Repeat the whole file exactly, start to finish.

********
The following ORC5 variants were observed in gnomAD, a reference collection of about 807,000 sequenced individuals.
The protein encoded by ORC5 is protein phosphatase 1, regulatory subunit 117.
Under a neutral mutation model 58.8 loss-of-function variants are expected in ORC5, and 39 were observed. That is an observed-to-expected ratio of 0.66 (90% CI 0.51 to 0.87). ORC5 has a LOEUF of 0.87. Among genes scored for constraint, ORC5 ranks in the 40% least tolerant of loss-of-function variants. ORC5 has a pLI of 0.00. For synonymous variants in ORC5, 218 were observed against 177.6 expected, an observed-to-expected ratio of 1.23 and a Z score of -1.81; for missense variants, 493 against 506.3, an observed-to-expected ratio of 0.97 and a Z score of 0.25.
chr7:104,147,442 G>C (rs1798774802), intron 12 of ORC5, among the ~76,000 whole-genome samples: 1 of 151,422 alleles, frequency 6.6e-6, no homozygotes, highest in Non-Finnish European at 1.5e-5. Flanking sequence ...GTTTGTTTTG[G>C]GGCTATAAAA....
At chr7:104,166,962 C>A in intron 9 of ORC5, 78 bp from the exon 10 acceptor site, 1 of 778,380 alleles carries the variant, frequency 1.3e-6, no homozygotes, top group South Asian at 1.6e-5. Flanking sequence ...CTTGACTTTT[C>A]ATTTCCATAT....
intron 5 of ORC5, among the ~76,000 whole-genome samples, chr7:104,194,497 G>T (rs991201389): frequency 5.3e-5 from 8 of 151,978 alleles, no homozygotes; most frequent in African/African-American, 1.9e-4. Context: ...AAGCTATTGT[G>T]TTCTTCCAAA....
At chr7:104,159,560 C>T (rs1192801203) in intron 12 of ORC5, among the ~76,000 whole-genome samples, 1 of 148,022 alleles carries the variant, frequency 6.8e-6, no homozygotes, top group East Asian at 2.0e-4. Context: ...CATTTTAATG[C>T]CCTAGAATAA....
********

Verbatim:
The following ORC5 variants were observed in gnomAD, a reference collection of about 807,000 sequenced individuals.
The protein encoded by ORC5 is protein phosphatase 1, regulatory subunit 117.
Under a neutral mutation model 58.8 loss-of-function variants are expected in ORC5, and 39 were observed. That is an observed-to-expected ratio of 0.66 (90% CI 0.51 to 0.87). ORC5 has a LOEUF of 0.87. Among genes scored for constraint, ORC5 ranks in the 40% least tolerant of loss-of-function variants. ORC5 has a pLI of 0.00. For synonymous variants in ORC5, 218 were observed against 177.6 expected, an observed-to-expected ratio of 1.23 and a Z score of -1.81; for missense variants, 493 against 506.3, an observed-to-expected ratio of 0.97 and a Z score of 0.25.
chr7:104,147,442 G>C (rs1798774802), intron 12 of ORC5, among the ~76,000 whole-genome samples: 1 of 151,422 alleles, frequency 6.6e-6, no homozygotes, highest in Non-Finnish European at 1.5e-5. Flanking sequence ...GTTTGTTTTG[G>C]GGCTATAAAA....
At chr7:104,166,962 C>A in intron 9 of ORC5, 78 bp from the exon 10 acceptor site, 1 of 778,380 alleles carries the variant, frequency 1.3e-6, no homozygotes, top group South Asian at 1.6e-5. Flanking sequence ...CTTGACTTTT[C>A]ATTTCCATAT....
intron 5 of ORC5, among the ~76,000 whole-genome samples, chr7:104,194,497 G>T (rs991201389): frequency 5.3e-5 from 8 of 151,978 alleles, no homozygotes; most frequent in African/African-American, 1.9e-4. Context: ...AAGCTATTGT[G>T]TTCTTCCAAA....
At chr7:104,159,560 C>T (rs1192801203) in intron 12 of ORC5, among the ~76,000 whole-genome samples, 1 of 148,022 alleles carries the variant, frequency 6.8e-6, no homozygotes, top group East Asian at 2.0e-4. Context: ...CATTTTAATG[C>T]CCTAGAATAA....